Brandon Stanton in Ghana: The Many Voices of Accra’s Humans

 

 

“Am I developing a more realistic perspective? Or is this what quitting sounds like?” Of all the perspectives I have developed as well as adopted over the years of my many endeavors, the above quote is the most poignant I have ever come across. Trying to find your way around 2018 Accra is as challenging as can be. With economic indicators looking on the upside but lived realities of the average person not looking flowery enough, you get hit by the challenges of the times all too frequently. There is usually a chorus of kurom ay3 shi (the town is hot, i.e. metaphorically but it also fits perfectly if you want to use it literally given the ferocity of this sun these days) most of the places you go to for good reason. But even though that unison of voice might present itself as true for every single person in Accra, it obviously is not the case. Accra is not a monolith.

One of the most troubling thing about western reportage on life in African countries is the way it bundles up the stories of this diverse continent into one stereotypical package. Invariably, there is also a problem with persons who try to “reclaim” the image of Africa by insisting on a reportage which focuses almost exclusively on the presence of skyscrapers and franchises of western companies in African countries. In between the two are mundane as well as profound stories of everyday persons from this continent of ours. For the profound, we hear a lot about it from the social media pages of motivational speakers. But for the mundane, it gets lost in the cacophony of content we scroll through on Facebook and Twitter.

Presenting a balanced dose of the mundane, not so mundane and profound in an unadulterated voice is where Brandon Stanton comes in. The New Yorker whose Facebook page has grown into a beehive of stories of everyday people from all around the world has mastered the not so intricate art of telling stories in this manner. Earlier this month, the Humans of New York page featured about 16 stories from Accra and neighboring towns and it gave a voice to some interesting stories, with other harrowing and troubling ones.

The first of the stories was that of a young boy on an errand who gushed about his love for his mother. Innocent and cheerful, it would have been great if all the stories from the HONY Ghana edition had taken that route. Sadly it did not as the realties for some people in this country is. The accounts of rape from four different women evidenced how deep sexual violence permeates the fabric of Ghanaian society. But it also presented a silver lining in the story of one of the victims who is now a sex educator who teaches the essence of consent to young people. With the snail pace at which people are getting awakened to the realities of sexual violence in Ghana, these HONY stories are a necessary jolt to persons still in denial.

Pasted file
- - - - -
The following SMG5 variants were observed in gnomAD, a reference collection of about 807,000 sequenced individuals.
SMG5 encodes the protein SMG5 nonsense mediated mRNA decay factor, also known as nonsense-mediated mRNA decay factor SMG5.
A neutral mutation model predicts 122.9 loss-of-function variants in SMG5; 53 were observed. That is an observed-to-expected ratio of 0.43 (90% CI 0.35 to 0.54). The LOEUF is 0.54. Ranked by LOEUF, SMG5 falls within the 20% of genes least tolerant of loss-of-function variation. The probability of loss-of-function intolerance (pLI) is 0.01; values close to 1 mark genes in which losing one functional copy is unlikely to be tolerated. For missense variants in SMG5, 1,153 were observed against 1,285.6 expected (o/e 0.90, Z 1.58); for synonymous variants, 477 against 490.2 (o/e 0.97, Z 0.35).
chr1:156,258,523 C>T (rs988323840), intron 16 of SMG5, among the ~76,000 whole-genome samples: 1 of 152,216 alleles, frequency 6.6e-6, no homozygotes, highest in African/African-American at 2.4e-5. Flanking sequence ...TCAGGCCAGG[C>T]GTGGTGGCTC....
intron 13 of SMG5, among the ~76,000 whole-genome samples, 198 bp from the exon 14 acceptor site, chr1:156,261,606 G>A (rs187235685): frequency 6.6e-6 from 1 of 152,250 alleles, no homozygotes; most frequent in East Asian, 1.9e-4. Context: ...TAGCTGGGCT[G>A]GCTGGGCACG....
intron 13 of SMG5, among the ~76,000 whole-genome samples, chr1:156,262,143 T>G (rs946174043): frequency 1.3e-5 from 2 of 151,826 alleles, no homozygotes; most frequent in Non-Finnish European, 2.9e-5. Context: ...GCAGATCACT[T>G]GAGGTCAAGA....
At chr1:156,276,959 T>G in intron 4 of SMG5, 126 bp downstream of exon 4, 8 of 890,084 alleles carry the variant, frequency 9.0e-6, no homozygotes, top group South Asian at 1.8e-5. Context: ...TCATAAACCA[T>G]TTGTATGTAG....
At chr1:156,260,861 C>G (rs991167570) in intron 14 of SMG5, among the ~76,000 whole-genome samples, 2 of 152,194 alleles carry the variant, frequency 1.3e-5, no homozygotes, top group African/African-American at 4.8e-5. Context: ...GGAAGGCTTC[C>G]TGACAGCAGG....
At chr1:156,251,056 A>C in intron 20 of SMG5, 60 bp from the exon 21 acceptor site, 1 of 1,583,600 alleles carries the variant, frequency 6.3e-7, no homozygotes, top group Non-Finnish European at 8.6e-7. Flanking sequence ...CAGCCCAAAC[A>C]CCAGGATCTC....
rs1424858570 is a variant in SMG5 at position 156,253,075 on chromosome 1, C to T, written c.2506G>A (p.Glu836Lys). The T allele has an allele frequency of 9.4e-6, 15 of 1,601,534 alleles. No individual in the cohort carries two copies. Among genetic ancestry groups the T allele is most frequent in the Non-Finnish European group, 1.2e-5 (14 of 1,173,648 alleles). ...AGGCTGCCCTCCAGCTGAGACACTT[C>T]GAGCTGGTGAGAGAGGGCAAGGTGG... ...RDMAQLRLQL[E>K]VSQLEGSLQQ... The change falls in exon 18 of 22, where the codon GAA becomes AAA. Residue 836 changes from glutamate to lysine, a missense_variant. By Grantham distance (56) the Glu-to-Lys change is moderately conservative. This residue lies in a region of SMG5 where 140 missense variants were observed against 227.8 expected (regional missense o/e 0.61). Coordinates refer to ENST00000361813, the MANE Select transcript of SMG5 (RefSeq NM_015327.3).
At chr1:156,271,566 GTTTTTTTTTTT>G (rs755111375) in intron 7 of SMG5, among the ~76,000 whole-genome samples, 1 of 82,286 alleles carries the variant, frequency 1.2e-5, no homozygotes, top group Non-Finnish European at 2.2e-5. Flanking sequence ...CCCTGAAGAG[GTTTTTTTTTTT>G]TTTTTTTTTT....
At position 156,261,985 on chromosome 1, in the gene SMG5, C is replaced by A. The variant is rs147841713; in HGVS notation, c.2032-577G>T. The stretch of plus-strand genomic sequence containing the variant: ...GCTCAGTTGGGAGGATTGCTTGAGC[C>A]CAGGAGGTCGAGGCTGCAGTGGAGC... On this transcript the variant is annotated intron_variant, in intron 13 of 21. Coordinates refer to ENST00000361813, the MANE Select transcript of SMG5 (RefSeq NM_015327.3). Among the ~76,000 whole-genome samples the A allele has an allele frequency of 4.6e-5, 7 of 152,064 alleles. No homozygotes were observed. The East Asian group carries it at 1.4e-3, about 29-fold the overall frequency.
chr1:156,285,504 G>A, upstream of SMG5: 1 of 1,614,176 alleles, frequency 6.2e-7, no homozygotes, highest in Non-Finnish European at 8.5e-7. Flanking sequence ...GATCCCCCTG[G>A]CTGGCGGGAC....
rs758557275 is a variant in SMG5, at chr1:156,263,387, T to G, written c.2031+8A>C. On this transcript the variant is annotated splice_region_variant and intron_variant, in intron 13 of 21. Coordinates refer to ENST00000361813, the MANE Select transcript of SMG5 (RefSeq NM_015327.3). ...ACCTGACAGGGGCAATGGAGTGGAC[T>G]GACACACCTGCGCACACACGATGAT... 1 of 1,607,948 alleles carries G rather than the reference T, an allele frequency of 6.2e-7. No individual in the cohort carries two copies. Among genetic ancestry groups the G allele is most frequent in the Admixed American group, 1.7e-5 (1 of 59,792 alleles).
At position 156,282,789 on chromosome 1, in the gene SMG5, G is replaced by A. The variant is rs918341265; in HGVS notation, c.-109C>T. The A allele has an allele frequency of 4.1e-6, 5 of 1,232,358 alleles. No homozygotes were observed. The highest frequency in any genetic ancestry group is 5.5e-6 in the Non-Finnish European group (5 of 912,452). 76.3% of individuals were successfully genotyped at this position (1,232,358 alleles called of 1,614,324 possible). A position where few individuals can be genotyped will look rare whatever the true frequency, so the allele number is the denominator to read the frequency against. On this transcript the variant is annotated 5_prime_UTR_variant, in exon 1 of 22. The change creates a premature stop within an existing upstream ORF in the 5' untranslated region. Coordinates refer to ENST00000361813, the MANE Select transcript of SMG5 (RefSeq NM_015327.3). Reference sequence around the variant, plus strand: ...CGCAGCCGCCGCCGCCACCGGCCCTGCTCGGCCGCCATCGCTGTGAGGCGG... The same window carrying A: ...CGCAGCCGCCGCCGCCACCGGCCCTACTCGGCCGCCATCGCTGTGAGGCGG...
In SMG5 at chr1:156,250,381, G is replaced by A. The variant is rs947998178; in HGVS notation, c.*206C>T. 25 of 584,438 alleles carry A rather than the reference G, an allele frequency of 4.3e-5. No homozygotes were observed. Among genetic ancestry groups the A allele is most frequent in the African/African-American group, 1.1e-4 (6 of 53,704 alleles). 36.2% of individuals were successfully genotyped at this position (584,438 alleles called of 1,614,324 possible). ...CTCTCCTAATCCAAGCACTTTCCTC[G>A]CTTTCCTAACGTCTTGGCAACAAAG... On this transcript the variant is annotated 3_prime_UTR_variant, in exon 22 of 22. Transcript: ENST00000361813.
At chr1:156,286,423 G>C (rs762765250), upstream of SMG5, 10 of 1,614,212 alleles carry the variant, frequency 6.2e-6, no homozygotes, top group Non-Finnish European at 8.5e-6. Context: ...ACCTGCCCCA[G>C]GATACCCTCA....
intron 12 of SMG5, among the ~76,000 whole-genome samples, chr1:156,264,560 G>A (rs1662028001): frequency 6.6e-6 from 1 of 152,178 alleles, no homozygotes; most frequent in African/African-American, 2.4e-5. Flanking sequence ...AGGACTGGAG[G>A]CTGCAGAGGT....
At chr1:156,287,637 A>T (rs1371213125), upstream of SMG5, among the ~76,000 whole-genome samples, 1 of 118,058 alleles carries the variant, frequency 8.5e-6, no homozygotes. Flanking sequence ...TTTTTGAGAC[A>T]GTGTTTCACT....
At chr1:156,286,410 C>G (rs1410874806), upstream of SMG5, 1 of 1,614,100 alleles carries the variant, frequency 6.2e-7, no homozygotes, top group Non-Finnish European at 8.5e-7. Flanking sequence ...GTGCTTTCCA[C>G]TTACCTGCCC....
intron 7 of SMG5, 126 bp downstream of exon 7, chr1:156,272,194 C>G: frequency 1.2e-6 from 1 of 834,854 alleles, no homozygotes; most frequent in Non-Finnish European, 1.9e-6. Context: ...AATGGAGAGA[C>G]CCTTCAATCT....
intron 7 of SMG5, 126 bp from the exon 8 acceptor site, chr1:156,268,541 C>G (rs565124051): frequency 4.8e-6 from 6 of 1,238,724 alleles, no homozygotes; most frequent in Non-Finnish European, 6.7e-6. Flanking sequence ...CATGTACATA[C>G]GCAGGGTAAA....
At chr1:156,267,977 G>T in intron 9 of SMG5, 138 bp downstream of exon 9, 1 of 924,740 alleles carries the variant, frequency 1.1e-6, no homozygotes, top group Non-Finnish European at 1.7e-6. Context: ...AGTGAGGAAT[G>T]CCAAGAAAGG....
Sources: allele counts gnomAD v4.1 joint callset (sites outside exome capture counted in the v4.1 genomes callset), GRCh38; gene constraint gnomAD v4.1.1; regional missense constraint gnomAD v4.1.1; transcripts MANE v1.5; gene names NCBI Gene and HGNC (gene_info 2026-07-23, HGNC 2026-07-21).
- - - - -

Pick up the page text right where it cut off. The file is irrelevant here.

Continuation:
Interspersed with the harrowing stories were stories about the hustle of being a Ghanaian in 2018. The young entrepreneur who returned to Ghana after an academic sojourn who blessed us with the profound quote I shared above, the other entrepreneur with a tourism business catered primarily towards locals and yet another entrepreneur who photographs for a living.

Brandon’s story telling in its crude, unadulterated form told us stories we could relate with and others we never knew existed. But more importantly, he utilized resources at his disposal to help some of the persons whose stories evidenced a need for some help. Like one of the victims of sexual abuse who was left traumatized by the incident she went through. Monies raised for a HONY dedicated fund was used to cover therapy sessions for her. But at the end of the day, it was never about presenting stories from Africa as fund-raising props. It was about putting a voice to some of the millions of persons who make up the population of Ghana. It was about showing that not every one dreamed of living in America. That such persons do prefer a life in Accra where their sons do not have to live in fear for their lives because of the hue of their skins.

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